Saturday

Ramsier, John - portrait of Mr A G Clark


This miniature portrait is signed "J Ramsier" for John Ramsier (1861-1936), a Kentucky artist noted for his photographic style. Miniaturist John Ramsier worked in Louisville in the late 19th century and early 20th century. The Swiss immigrant came to America in 1883, working for several photographic studios in New Albany, Indiana, and Louisville.

Ramsier established his own studio in 1893, but a fire put an end to the business. Ramsier, who had trained as a photographer and worked as a tinter of photographs, decided to specialize in miniatures. His clientele was international.

He was especially renowned for copying older works into the miniature format. One of the more famous examples of such work is "Mrs. Henrietta Hunt Morgan and John Hunt Morgan," which is owned by the Blue Grass Trust for Historic Preservation in Lexington, Kentucky.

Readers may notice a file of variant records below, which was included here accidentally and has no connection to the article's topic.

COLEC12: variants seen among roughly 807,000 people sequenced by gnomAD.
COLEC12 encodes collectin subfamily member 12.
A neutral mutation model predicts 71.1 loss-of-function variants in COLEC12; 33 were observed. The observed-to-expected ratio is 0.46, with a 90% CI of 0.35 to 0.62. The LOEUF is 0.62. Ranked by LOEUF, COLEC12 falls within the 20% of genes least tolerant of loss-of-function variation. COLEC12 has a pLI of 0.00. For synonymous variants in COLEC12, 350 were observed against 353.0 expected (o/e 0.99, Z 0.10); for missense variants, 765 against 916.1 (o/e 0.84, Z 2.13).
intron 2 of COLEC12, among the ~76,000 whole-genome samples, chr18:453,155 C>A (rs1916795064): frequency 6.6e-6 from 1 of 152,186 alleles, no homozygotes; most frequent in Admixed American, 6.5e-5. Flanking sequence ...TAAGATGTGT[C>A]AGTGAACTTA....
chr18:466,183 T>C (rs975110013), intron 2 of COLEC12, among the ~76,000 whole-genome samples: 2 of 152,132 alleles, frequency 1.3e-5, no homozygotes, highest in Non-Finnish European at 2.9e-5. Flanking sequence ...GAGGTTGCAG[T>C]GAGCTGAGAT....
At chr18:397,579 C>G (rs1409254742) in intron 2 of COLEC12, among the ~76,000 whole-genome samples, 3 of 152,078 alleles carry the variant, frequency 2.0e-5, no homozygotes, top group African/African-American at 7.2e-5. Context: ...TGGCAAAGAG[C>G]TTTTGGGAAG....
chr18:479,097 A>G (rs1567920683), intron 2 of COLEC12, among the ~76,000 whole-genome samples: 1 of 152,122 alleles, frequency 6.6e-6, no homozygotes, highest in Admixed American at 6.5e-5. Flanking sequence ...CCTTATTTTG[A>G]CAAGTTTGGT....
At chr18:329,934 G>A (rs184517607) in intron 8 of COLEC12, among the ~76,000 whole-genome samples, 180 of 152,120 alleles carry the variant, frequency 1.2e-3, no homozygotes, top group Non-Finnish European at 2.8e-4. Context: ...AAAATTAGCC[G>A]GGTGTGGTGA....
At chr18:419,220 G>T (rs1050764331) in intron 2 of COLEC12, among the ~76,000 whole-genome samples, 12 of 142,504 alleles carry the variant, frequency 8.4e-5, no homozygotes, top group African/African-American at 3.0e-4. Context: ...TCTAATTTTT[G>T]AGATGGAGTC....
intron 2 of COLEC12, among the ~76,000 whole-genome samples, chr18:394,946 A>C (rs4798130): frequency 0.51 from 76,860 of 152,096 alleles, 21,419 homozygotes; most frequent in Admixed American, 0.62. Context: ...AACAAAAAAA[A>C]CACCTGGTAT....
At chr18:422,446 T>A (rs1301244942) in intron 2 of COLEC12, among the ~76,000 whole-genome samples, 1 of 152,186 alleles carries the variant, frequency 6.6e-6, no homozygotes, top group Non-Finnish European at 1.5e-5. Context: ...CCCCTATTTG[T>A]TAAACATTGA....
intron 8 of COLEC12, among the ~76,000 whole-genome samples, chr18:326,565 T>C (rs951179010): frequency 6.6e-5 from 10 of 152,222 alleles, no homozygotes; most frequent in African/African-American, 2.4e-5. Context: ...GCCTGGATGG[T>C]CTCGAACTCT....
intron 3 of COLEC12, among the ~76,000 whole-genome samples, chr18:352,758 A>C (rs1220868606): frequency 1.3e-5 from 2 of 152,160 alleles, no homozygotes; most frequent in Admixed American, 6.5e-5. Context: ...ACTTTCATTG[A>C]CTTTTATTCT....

According to the Jones and Weber exhibition catalog, "The Kentucky Painter from the Frontier Era to the Great War," it is estimated that Ramsier executed over 3,000 "likenesses" in his 33-year career. Ramsier's papers reside at the Filson Historical Society in Louisville, Kentucky.

The sitter is Mr A G Clark (or A J Clark) of Louisville and the miniature was previously owned by Mrs W S Fulton, daughter of Mrs Clark. A J Clark is believed to possibly been employed as a superintendent of the Piedmont Coal Company in 1878 and later a director of the Warwick China Company of Wheeling, WV. For more about the family see the adjacent miniature of Nancy McElhenny, also by Ramsier . 1095a

1 comment:

Tim Bowers said...

Mr. Shelton, Hello. I recently came across a Ramsier miniature. There were some visable brush strokes in the background but the face was very tightly rendered without brushstrokes. I couldn't tell if it was a photo that had been painted on or a completely painted image. After reading your bio of John Ramsier and considering his background as a photo tinter, is it possible that Ramsier may have "tinted" photo images to appear as paintings? I have read that painting over photos as a "miniature" was practiced in the past. I am not sure if the painting that I found is on paper, ivory or something else. I would be interested in your thoughts on this issue. Thank you, Tim